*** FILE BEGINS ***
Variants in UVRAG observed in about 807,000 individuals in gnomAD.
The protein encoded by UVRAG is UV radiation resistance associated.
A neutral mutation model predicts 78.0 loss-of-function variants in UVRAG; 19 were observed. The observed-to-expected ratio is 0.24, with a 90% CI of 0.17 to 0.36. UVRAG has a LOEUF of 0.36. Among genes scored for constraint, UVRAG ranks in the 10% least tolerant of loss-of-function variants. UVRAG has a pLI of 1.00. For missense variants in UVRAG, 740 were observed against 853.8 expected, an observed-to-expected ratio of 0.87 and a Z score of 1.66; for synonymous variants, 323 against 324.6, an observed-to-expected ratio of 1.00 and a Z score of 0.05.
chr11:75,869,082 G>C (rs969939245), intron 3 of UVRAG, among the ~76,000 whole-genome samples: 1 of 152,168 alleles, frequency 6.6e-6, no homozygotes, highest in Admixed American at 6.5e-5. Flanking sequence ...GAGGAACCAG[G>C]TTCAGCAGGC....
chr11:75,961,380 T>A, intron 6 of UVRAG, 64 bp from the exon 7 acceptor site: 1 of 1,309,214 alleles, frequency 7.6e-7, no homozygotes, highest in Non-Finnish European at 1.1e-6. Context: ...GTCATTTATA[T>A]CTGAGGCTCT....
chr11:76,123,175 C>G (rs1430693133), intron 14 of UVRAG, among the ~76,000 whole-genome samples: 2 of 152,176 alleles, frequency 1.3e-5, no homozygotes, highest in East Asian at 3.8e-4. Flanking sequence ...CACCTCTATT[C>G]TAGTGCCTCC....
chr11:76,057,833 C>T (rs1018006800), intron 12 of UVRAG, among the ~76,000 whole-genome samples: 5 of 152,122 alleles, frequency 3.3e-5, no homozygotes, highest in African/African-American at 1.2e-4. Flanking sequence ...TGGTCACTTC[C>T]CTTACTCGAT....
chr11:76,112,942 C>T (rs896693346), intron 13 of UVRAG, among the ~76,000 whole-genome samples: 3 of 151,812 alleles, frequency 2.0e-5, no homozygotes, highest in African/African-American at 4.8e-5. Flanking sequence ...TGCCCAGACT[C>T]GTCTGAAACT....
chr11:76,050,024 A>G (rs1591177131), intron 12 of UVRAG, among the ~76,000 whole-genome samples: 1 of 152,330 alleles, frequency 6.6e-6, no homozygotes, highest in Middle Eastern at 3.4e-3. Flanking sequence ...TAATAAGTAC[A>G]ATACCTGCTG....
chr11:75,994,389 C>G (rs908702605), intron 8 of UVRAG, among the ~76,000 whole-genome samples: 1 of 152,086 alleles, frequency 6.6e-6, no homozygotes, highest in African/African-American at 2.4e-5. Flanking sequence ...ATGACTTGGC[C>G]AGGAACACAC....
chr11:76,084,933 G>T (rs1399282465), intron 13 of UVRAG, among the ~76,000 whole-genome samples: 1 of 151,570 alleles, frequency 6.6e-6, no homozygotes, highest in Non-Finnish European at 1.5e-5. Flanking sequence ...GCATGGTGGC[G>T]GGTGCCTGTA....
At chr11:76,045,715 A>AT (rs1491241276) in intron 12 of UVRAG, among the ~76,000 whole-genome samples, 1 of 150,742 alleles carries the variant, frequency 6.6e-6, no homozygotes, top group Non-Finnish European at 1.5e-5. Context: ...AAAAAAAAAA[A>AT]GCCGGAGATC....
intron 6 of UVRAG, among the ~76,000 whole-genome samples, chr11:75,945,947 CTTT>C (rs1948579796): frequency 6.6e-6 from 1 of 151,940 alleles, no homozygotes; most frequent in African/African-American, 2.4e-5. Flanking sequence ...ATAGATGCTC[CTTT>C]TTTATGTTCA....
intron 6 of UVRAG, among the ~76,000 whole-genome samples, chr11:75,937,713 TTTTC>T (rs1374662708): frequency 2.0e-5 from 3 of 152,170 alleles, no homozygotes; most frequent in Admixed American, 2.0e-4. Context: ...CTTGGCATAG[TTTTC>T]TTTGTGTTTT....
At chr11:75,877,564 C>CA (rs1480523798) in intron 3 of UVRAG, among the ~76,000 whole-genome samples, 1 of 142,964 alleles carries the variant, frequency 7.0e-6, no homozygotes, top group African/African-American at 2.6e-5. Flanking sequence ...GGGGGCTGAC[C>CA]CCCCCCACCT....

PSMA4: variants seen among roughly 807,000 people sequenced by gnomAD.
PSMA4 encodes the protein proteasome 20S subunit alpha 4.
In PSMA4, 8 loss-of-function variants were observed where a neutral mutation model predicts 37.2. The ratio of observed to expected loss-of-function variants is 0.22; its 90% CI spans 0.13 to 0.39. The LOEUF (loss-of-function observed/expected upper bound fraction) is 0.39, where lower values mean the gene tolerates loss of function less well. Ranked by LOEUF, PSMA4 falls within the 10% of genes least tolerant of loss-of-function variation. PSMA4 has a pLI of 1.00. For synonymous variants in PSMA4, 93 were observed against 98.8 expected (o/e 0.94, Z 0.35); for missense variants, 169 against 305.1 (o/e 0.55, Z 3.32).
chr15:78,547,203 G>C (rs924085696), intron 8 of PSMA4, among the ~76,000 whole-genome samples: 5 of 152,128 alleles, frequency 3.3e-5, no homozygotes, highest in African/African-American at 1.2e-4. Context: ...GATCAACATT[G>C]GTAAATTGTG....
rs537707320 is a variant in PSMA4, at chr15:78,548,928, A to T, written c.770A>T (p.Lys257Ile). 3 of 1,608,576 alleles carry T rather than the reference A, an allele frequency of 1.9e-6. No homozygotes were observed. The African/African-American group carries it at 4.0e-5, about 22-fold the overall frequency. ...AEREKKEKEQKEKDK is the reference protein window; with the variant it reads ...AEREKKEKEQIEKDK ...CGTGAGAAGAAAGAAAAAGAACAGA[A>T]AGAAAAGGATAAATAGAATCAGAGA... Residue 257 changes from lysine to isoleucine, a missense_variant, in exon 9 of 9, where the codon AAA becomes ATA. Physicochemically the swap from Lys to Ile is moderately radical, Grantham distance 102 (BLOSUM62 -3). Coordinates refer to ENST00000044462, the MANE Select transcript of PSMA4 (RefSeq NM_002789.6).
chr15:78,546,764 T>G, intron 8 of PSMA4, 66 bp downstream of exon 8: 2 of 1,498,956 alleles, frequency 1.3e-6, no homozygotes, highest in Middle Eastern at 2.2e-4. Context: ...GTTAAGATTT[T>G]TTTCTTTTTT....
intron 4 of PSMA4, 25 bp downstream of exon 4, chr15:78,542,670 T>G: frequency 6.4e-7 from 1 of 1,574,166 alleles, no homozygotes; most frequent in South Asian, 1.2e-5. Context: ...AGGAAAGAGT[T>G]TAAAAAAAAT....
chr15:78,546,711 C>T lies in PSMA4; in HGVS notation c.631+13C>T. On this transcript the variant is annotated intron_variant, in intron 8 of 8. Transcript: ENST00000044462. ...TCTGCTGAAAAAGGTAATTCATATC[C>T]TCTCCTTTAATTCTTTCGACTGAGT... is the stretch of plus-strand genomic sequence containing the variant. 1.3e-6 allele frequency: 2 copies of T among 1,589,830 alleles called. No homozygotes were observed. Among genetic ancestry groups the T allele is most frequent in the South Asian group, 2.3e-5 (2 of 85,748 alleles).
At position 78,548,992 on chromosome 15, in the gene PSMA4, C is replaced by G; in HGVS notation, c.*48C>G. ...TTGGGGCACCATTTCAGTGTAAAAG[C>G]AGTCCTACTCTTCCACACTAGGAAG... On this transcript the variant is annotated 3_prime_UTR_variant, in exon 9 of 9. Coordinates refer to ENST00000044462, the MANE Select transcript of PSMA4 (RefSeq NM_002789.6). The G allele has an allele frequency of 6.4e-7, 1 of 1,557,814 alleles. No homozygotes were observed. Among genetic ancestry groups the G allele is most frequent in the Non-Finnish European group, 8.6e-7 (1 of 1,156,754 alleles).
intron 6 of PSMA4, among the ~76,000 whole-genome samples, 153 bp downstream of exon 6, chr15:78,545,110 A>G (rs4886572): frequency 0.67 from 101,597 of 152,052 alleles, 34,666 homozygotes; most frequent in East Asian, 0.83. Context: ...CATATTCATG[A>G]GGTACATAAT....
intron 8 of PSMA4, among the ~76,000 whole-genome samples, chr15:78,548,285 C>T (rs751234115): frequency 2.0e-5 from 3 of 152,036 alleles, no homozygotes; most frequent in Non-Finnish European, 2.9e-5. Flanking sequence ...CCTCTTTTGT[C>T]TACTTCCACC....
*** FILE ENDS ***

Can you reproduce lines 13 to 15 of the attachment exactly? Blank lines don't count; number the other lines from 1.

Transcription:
intron 6 of UVRAG, among the ~76,000 whole-genome samples, chr11:75,945,947 CTTT>C (rs1948579796): frequency 6.6e-6 from 1 of 151,940 alleles, no homozygotes; most frequent in African/African-American, 2.4e-5. Flanking sequence ...ATAGATGCTC[CTTT>C]TTTATGTTCA....
intron 6 of UVRAG, among the ~76,000 whole-genome samples, chr11:75,937,713 TTTTC>T (rs1374662708): frequency 2.0e-5 from 3 of 152,170 alleles, no homozygotes; most frequent in Admixed American, 2.0e-4. Context: ...CTTGGCATAG[TTTTC>T]TTTGTGTTTT....
At chr11:75,877,564 C>CA (rs1480523798) in intron 3 of UVRAG, among the ~76,000 whole-genome samples, 1 of 142,964 alleles carries the variant, frequency 7.0e-6, no homozygotes, top group African/African-American at 2.6e-5. Flanking sequence ...GGGGGCTGAC[C>CA]CCCCCCACCT....